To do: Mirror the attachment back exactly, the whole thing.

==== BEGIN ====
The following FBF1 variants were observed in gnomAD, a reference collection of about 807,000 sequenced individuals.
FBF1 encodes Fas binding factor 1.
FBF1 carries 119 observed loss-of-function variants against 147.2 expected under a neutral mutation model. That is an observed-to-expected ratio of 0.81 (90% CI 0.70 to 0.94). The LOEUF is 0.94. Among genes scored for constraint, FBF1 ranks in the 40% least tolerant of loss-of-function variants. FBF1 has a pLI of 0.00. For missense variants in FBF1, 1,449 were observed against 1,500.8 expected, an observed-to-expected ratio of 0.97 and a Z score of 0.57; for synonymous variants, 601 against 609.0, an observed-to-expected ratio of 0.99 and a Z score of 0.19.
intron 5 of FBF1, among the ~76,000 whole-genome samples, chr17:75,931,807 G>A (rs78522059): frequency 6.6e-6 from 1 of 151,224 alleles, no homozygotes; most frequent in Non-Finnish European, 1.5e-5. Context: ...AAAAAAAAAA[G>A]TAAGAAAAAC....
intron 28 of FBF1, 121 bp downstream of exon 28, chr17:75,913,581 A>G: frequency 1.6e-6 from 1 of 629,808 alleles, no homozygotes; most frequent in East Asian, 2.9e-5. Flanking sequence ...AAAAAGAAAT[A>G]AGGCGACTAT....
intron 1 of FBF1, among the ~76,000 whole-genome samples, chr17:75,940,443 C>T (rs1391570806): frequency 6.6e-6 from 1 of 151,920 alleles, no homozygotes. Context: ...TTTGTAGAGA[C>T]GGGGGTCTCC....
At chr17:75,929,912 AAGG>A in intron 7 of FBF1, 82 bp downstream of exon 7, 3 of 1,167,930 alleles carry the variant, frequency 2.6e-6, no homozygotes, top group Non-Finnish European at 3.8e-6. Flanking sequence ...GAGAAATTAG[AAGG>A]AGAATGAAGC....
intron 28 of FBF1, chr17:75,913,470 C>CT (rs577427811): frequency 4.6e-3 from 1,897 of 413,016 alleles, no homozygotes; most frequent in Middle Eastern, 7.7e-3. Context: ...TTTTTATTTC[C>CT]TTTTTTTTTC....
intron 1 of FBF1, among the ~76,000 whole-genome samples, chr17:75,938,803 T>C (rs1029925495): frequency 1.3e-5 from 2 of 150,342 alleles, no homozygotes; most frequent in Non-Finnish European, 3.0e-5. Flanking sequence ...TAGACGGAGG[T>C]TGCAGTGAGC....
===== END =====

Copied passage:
The following FBF1 variants were observed in gnomAD, a reference collection of about 807,000 sequenced individuals.
FBF1 encodes Fas binding factor 1.
FBF1 carries 119 observed loss-of-function variants against 147.2 expected under a neutral mutation model. That is an observed-to-expected ratio of 0.81 (90% CI 0.70 to 0.94). The LOEUF is 0.94. Among genes scored for constraint, FBF1 ranks in the 40% least tolerant of loss-of-function variants. FBF1 has a pLI of 0.00. For missense variants in FBF1, 1,449 were observed against 1,500.8 expected, an observed-to-expected ratio of 0.97 and a Z score of 0.57; for synonymous variants, 601 against 609.0, an observed-to-expected ratio of 0.99 and a Z score of 0.19.
intron 5 of FBF1, among the ~76,000 whole-genome samples, chr17:75,931,807 G>A (rs78522059): frequency 6.6e-6 from 1 of 151,224 alleles, no homozygotes; most frequent in Non-Finnish European, 1.5e-5. Context: ...AAAAAAAAAA[G>A]TAAGAAAAAC....
intron 28 of FBF1, 121 bp downstream of exon 28, chr17:75,913,581 A>G: frequency 1.6e-6 from 1 of 629,808 alleles, no homozygotes; most frequent in East Asian, 2.9e-5. Flanking sequence ...AAAAAGAAAT[A>G]AGGCGACTAT....
intron 1 of FBF1, among the ~76,000 whole-genome samples, chr17:75,940,443 C>T (rs1391570806): frequency 6.6e-6 from 1 of 151,920 alleles, no homozygotes. Context: ...TTTGTAGAGA[C>T]GGGGGTCTCC....
At chr17:75,929,912 AAGG>A in intron 7 of FBF1, 82 bp downstream of exon 7, 3 of 1,167,930 alleles carry the variant, frequency 2.6e-6, no homozygotes, top group Non-Finnish European at 3.8e-6. Flanking sequence ...GAGAAATTAG[AAGG>A]AGAATGAAGC....
intron 28 of FBF1, chr17:75,913,470 C>CT (rs577427811): frequency 4.6e-3 from 1,897 of 413,016 alleles, no homozygotes; most frequent in Middle Eastern, 7.7e-3. Context: ...TTTTTATTTC[C>CT]TTTTTTTTTC....
intron 1 of FBF1, among the ~76,000 whole-genome samples, chr17:75,938,803 T>C (rs1029925495): frequency 1.3e-5 from 2 of 150,342 alleles, no homozygotes; most frequent in Non-Finnish European, 3.0e-5. Flanking sequence ...TAGACGGAGG[T>C]TGCAGTGAGC....